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For those of you who are CITRMS certified, or are benefits specialists speaking to companies about their need to pprotect themselves against data breach lawsuits, here’s an article from NetworkWorld.com that you may want to print to take with you on appointments.
A Chicago-area Starbucks employee has brought a class-action lawsuit against the coffee retailer, claiming damages from an October 2008 data breach.
Laura Krottner was one of 97,000 employees notified late last year after a Starbucks laptop containing employee names, addresses and Social Security numbers was stolen on Oct. 29. Krottner’s suit accuses the company of fraud and negligence.
IDC: Oracle’s X Factor: HP Oracle Exadata Storage Server and HP Oracle Database Machine: Download nowThe lawsuit was filed Thursday in federal court in Seattle. Starbucks has offered employees one-year’s free credit monitoring and protection, but Krottner is asking the court to extend that to five years. She is also seeking unspecified damages and asking that Starbucks be ordered to submit to periodic security audits of its computer systems.
“Starbucks failed to follow reasonable precautions to secure its employees’ [personally identifiable information], failed to provide timely notice, and failed to protect employees from invasion of privacy, fraud, identity theft, and associated expenses,” court filings state, adding that Krottner and the other employees must now spend “considerable time and money to protect themselves,” from identity theft.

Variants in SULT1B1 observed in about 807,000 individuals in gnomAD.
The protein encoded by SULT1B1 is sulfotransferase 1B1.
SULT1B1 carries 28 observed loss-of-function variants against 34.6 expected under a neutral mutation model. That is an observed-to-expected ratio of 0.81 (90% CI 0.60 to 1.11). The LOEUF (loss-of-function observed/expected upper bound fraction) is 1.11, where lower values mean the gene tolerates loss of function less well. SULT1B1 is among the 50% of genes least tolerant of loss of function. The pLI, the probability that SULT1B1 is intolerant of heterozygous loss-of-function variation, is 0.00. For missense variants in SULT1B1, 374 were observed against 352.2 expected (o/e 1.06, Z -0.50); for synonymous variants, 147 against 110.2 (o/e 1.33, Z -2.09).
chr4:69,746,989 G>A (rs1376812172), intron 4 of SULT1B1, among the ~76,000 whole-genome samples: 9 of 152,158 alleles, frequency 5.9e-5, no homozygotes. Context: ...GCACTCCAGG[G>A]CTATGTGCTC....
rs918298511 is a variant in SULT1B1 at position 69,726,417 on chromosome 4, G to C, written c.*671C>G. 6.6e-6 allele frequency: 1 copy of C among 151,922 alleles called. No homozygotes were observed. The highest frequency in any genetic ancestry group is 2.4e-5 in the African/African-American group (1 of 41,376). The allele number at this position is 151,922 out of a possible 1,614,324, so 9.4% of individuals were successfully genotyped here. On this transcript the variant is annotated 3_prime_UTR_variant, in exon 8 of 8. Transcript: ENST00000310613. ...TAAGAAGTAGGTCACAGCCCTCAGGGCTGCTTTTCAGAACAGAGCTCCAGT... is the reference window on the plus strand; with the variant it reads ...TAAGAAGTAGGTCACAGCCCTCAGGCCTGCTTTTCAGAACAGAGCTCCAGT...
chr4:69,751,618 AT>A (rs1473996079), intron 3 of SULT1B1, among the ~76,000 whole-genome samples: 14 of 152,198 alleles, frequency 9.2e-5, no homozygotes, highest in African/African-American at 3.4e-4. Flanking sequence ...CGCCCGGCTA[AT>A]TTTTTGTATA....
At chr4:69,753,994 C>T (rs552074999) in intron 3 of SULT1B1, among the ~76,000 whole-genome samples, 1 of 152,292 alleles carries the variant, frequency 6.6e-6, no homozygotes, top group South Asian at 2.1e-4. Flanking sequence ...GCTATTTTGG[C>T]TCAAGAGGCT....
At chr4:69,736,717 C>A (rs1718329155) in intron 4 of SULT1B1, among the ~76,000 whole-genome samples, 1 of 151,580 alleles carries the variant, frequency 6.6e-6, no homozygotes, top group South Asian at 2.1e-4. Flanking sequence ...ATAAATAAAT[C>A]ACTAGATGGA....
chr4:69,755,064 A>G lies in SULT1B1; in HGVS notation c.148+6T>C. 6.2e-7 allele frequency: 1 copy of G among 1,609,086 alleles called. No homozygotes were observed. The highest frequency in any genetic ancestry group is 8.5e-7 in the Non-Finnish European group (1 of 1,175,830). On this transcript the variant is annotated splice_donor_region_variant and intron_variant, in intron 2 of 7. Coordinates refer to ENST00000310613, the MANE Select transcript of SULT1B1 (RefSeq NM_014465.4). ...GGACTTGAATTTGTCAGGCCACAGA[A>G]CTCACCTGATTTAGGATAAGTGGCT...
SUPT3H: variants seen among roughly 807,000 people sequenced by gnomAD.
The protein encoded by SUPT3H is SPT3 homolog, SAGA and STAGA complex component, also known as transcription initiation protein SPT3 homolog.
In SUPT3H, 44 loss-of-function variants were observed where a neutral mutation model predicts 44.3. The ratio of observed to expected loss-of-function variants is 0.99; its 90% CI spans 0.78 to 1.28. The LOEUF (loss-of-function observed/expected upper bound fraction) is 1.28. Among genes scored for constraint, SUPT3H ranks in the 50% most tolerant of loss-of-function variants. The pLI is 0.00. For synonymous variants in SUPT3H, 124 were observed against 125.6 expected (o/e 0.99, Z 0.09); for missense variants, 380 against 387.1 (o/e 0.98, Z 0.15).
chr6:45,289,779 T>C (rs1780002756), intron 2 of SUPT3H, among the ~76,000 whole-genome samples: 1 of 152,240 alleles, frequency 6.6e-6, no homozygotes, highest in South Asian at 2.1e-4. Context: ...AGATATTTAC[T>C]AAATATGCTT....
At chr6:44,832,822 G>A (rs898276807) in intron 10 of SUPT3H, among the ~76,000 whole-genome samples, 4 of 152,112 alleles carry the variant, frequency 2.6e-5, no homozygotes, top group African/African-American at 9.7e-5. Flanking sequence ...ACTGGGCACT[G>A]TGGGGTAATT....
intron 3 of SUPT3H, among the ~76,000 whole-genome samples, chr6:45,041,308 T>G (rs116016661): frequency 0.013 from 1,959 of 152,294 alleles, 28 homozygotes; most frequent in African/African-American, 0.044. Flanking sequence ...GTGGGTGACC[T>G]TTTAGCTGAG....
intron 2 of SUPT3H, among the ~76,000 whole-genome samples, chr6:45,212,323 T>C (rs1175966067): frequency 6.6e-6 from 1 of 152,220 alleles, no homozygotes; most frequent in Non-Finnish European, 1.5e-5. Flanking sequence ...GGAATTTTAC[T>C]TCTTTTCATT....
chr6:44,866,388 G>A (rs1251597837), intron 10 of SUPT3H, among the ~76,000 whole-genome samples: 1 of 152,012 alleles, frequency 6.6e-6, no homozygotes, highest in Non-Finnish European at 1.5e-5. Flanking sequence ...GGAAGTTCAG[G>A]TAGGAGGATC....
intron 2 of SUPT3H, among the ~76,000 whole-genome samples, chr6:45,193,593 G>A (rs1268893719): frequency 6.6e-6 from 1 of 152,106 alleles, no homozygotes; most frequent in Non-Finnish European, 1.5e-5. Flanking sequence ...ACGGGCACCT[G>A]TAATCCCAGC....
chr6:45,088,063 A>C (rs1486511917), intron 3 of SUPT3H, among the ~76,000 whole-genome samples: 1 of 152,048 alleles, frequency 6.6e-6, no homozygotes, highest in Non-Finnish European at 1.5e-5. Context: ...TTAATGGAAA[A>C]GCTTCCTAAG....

Lately, however, chatter on some Starbucks message boards shows that there have been some ID theft victims as a result of the incident, the lawsuit states.
News of the lawsuit was first reported Saturday on the Spam Notes blog written by Venkat Balasubramani, the principal with Balasubramani Law.
The suit is the latest of several in which plaintiffs are trying to prove that data breaches are harmful, even if they do not result in identity theft, Balasubramani said in an interview Monday. Courts in Arkansas and Indiana have rejected similar claims in recent years, he noted.
The plaintiffs in the Starbucks case, who are seeking a jury trial, may have better luck, however. “Washington could be different,” he said. “I think Washington is viewed as a privacy friendly state.”
Late last month the U.S. Department of Veterans Affairs reached a US$20 million settlement with plaintiffs in a class-action suit seeking damages following the 2006 theft of a laptop and hard drive containing data on 26.5 million veterans. According to reports, veterans who can show harm related to the theft will be paid between $75 and $1,500.
Starbucks has lost laptops before. In November 2006, the company reported that it had lost two laptops containing the Social Security numbers of nearly 60,000 current and former employees.